In the book Real World Haskell, there's a non-programming-related puzzle in a footnote at the bottom of page 15, in the middle of a simple text-processing problem:


Find or create a text file; let's call it quux.txt:*

$ cat quux.txt
Teignmouth, England
Paris, France
Ulm, Germany
Auxerre, France
Brunswick, Germany
Beaumont-en-Auge, France
Ryazan, Russia


* Incidentally, what do these cities have in common?

While I hope my abilities will prove sufficient to solve the book's programming problems, this little geography puzzle is beyond me. What do these seven cities have in common?


Interestingly, this puzzle has little to do with geography and more to do with science! These cities and towns are:

The birthplaces of famous mathematicians (and scientists), each of whom is frequently considered among the greatest in world history.

As follows:

Charles Babbage, b. 1791/2 in Teignmouth, England (although some sources argue he was born in London)

Augustin-Louis Cauchy, b. 1789 in Paris, France

Albert Einstein, b. 1879 in Ulm, Germany

Jean-Baptiste Joseph Fourier, b. 1768 in Auxerre, France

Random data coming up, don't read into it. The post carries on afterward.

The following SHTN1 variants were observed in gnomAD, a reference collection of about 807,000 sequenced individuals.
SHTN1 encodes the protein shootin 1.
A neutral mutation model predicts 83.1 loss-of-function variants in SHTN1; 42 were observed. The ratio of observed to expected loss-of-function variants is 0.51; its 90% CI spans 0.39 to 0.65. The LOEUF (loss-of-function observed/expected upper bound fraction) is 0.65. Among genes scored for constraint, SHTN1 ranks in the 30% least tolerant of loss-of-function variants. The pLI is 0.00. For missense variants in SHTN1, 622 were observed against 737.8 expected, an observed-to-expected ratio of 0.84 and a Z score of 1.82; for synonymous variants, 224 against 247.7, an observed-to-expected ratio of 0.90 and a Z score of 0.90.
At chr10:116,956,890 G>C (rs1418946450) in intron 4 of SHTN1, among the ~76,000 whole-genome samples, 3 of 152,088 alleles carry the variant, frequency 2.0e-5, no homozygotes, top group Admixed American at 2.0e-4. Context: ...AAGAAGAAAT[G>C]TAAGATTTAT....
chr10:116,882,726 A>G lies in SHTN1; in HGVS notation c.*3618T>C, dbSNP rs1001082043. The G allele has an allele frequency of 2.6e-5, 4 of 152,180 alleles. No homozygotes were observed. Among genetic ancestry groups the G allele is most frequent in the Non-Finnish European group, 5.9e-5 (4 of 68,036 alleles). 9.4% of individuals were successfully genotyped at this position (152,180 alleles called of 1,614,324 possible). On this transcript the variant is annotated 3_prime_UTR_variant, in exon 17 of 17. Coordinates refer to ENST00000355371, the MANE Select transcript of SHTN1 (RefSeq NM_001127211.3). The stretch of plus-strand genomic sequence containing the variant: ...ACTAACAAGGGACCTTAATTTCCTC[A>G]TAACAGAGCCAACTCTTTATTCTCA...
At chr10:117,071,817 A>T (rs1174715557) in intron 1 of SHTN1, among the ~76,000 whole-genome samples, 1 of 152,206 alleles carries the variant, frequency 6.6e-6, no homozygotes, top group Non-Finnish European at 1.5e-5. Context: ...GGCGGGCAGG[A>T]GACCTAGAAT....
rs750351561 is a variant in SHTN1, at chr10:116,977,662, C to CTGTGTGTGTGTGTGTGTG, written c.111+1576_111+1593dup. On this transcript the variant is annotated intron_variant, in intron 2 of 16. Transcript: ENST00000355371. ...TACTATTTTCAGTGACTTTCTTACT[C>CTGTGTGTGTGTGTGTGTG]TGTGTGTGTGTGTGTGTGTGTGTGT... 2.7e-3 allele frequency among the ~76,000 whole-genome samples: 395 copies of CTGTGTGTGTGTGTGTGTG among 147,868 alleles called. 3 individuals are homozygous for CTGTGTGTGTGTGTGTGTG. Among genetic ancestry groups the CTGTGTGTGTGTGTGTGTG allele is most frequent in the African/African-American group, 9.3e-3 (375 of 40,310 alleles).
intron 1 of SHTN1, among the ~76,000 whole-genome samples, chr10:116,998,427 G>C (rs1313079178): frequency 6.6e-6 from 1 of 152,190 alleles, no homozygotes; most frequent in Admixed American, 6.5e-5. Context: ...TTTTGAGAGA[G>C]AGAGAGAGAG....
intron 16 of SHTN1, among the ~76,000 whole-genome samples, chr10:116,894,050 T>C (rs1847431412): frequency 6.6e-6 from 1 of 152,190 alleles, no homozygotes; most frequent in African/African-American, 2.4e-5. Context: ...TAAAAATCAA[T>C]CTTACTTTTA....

Carl Friedrich Gauss, b. 1777 in Brunswick, Germany

Pierre-Simon Laplace, b. 1749 in Beaumont-en-Auge, France

Andrey Andreyevich Markov, b. 1856 in Ryazan, Russia

  • 2
    $\begingroup$ Off-the-point, but then why call the file 'quux'? (if you know!) $\endgroup$
    – JMP
    Aug 26 '19 at 12:30
  • 2
    $\begingroup$ @JonMarkPerry Yes, 'quux' is just another equivalent of 'foo' or 'bar' often used by programmers when naming something which doesn't particularly require a meaningful name. It's a placeholder, nothing more, and unconnected with the puzzle itself :) $\endgroup$
    – Stiv
    Aug 26 '19 at 12:42
  • 1
    $\begingroup$ For what it's worth, 'quux' is canonically the fourth placeholder, following 'foo', 'bar', and 'baz'. $\endgroup$ Aug 26 '19 at 13:07
  • $\begingroup$ And it's ordered alphabetically by (spoiler) and cut off for some reason at M; otherwise Woolsthorpe-by-Colsterworth, England would be next. $\endgroup$
    – Peter Shor
    Aug 26 '19 at 21:58

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